THE CONTEXT:  Marriage is already illegal in Minnesota - no matter what happens with the amendment vote, that will continue to be the case. So how did we end up here, with a divisive battle over marriage rights? Sasha Aslanian's special report, including audio, an interactive timeline and more, offers some perspective.

KLOBUCHAR vs. BILLS:  It was 6 a.m. but Kurt Bills was already awake and speaking to voters the other morning. Shaking hands at a park and ride in Lakeville, Minn., the Republican candidate for U.S. Senate was trying to make up ground on Democratic U.S. Sen. Amy Klobuchar, who is far ahead in the polls, and in campaign cash. As commuters rushed to get on the bus to Minneapolis, Bills quickly handed them campaign literature. Some walked right by him. Others said they would vote for him. Most accepted the flyers and didn't say anything at all

CRAVAACK  vs. NOLAN: Two years ago, Republican Chip Cravaack traveled throughout northeastern Minnesota in a huge RV with his picture on the side, introducing himself to voters who had sent Democratic stalwart Jim Oberstar to Washington 18 times. After pulling off the upset of 2010 in Minnesota by defeating Oberstar, Cravaack faces an equally tough fight this year as he attempts to prove his first win was no fluke.

Election Day is indeed drawing near. But there's other news from around the state, too. 

SAFE IN ST. PAUL: People filled the seats and stood along the walls of a church basement on St Paul's east side Thursday to learn more about fatal police shootings of two suspects on the same day last week. Officers shot Victor Gaddy, 41, after he allegedly tried to ram officers with his car. A few hours later, officers shot Chue Xiong, 22, several times after they say he shot at them. Also, earlier this summer a 19-year-old woman was killed in a homicide in the neighborhood. 

SOREL STEPS DOWN:  Gov. Mark Dayton announced Thursday that Minnesota Department of Transportation Commissioner Tom Sorel will step down to become president and CEO of AAA Minneapolis. He was appointed by former Gov. Tim Pawlenty, and has served as transportation commissioner since April of 2008.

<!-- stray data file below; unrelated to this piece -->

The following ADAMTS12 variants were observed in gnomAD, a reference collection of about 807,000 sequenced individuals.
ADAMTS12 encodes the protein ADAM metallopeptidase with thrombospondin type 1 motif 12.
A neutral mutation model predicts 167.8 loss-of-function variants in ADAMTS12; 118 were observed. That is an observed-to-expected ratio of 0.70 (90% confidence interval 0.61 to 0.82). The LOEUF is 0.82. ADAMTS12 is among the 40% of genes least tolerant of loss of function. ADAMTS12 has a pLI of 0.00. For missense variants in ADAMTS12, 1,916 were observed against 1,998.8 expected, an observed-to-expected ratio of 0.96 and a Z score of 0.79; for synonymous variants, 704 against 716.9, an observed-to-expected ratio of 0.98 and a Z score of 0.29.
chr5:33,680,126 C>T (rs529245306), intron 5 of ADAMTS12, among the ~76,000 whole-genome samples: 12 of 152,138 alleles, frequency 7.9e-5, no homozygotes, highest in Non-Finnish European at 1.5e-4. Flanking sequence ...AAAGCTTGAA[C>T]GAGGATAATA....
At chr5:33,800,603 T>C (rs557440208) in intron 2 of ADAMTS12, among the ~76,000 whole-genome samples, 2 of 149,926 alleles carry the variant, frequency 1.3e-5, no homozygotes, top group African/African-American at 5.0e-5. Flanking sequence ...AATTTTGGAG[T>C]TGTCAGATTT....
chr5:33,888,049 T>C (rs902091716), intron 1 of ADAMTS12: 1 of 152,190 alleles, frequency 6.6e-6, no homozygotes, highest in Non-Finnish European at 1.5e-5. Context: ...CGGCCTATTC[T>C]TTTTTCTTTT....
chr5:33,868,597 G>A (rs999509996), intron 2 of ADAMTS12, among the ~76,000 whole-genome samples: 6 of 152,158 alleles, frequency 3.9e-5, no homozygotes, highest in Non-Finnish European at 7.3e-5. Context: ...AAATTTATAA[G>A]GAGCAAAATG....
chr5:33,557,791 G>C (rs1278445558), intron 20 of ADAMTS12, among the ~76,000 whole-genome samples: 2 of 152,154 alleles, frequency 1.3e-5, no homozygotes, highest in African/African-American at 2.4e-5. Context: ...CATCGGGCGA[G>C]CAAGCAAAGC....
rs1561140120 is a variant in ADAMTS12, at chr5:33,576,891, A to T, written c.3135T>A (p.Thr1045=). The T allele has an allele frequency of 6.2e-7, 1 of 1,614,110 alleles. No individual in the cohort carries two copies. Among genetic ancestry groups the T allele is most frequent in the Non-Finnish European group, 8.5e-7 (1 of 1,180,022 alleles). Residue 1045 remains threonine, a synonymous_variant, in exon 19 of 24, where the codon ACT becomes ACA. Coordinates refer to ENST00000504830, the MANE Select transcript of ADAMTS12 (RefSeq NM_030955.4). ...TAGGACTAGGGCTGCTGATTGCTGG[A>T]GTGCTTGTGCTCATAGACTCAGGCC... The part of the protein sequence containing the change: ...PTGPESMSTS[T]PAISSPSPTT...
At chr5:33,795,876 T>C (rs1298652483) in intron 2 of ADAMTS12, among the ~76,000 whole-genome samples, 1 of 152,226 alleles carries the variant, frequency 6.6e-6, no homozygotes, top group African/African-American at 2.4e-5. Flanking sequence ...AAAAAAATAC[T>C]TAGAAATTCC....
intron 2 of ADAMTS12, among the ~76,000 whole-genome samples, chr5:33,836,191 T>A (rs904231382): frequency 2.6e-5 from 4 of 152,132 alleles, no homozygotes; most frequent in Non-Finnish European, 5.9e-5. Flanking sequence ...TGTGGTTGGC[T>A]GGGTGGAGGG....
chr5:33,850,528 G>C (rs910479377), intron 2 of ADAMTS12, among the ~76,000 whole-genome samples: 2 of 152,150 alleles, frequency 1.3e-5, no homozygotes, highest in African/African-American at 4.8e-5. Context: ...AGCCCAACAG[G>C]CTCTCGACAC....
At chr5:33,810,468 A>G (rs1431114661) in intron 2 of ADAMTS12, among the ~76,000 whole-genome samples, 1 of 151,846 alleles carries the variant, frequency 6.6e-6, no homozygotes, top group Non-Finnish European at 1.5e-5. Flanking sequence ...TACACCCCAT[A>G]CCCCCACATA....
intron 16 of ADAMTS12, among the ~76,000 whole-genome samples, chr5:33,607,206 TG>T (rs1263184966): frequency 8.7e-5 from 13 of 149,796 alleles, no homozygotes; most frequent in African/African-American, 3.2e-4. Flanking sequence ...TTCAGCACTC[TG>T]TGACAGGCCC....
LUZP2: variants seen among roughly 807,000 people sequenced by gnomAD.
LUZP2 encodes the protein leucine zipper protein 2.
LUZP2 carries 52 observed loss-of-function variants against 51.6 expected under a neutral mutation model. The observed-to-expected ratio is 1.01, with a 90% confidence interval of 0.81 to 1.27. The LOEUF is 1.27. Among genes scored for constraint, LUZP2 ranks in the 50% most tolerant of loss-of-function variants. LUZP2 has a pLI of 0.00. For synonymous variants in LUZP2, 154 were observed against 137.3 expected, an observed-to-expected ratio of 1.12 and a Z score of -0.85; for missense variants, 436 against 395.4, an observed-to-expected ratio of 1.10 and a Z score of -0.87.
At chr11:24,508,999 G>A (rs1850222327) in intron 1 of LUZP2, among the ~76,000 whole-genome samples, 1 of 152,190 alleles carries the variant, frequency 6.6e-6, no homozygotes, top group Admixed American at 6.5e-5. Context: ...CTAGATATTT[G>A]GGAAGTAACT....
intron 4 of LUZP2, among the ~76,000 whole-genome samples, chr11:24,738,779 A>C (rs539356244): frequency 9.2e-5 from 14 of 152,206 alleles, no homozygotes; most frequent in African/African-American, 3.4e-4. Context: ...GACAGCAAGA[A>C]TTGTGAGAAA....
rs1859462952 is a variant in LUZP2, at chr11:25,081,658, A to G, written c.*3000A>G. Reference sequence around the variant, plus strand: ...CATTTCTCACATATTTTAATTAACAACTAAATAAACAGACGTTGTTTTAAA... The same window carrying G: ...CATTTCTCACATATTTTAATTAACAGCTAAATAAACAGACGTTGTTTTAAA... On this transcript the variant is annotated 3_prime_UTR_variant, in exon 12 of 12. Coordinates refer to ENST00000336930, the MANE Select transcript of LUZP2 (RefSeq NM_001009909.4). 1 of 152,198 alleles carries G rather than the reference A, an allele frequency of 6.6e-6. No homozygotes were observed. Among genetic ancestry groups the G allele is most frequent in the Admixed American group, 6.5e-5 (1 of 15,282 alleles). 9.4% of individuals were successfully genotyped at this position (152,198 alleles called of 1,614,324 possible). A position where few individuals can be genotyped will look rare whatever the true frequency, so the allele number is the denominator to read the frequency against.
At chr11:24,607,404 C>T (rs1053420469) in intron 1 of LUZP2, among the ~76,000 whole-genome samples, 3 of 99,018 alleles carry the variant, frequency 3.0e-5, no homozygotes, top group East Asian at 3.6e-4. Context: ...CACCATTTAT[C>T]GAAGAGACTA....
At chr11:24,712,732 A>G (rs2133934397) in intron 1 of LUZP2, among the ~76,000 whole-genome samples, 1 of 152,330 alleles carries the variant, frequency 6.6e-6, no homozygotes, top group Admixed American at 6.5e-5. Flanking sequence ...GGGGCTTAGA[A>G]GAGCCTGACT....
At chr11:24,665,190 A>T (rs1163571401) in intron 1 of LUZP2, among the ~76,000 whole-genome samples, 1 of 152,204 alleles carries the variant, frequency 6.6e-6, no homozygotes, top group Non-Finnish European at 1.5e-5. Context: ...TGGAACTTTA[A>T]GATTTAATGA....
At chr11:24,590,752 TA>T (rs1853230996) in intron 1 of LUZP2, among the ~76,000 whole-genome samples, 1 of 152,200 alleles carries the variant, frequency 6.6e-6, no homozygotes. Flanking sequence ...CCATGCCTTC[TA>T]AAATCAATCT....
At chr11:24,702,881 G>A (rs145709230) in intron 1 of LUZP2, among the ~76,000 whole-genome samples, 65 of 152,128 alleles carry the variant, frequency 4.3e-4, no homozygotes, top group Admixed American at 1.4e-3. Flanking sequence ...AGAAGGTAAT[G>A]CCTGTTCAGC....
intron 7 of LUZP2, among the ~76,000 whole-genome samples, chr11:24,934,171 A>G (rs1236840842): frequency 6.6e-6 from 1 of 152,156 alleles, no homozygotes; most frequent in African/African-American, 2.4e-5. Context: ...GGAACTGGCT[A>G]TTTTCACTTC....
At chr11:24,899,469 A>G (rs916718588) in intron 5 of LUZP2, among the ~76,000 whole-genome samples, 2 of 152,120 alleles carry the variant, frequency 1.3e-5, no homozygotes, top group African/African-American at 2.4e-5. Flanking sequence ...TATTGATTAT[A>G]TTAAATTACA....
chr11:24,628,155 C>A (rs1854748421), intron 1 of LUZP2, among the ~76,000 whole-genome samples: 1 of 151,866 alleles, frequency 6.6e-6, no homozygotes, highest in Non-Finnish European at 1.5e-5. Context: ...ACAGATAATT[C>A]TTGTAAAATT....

WALLEYE REPORT: This fall, the Minnesota Department of Natural Resources' annual gillnet survey in Lake Mille Lacs turned up half as many walleye as last year -- a 40-year low. And they say they're "very concerned" about the walleye-fishing jewel of Minnesota that's also central to the region's economy. In a letter to resort and business owners on the lake, Rick Bruesewitz, the Aitkin area fisheries supervisor, explained the walleye, especially the larger ones, were in "poorer condition" compared to previous years.

MAGIC AND MYSTERY: It's hard to believe someone as baby-faced as comedian Joel Hodgson has become one of the country's comic veterans. But next year will mark the 25th anniversary of the launch of his "Mystery Science Theater 3000," a Twin Cities television production which became a national sensation. The premise: Mad scientists had kidnapped a fresh-faced Midwesterner named Joel and stranded him high above the earth on the Satellite of Love, or SOL. There they forced him to watch terrible movies from the past to see how he would react. Hodgson returns to Minneapolis this weekend to reveal the secrets behind creating the show.

THE HAWKES SESSION:  Alexandria native John Hawkes likes a challenge. But the actor who received an Oscar nomination for his portrayal of an Appalachian meth addict in "Winter's Bone" initially felt the role in his new film "The Sessions" might be beyond him. In it, he plays a man ravaged by polio who decides he doesn't want to die a virgin. William H. Macy plays a priest who tries to devine the Almighty's view of the matter, and Helen Hunt plays the registered sex surrogate who takes on the assignment.

SPCO CANCELS SHOWS:  Following the news yesterday that musicians with the Saint Paul Chamber Orchestra had rejected the latest contract offer from management, we've learned that the SPCO has now canceled performances through to the end of the year.

LAST BUT NOT LEAST:  A winter wonderland made of icicles grown from 4 million gallons of water will be created at the Mall of America this winter. The ice castle, made by a company called Ice Castles LLC, will stand 40 feet tall and an acre wide. Officials say it will take four to six weeks to construct the castle. A late December opening is planned.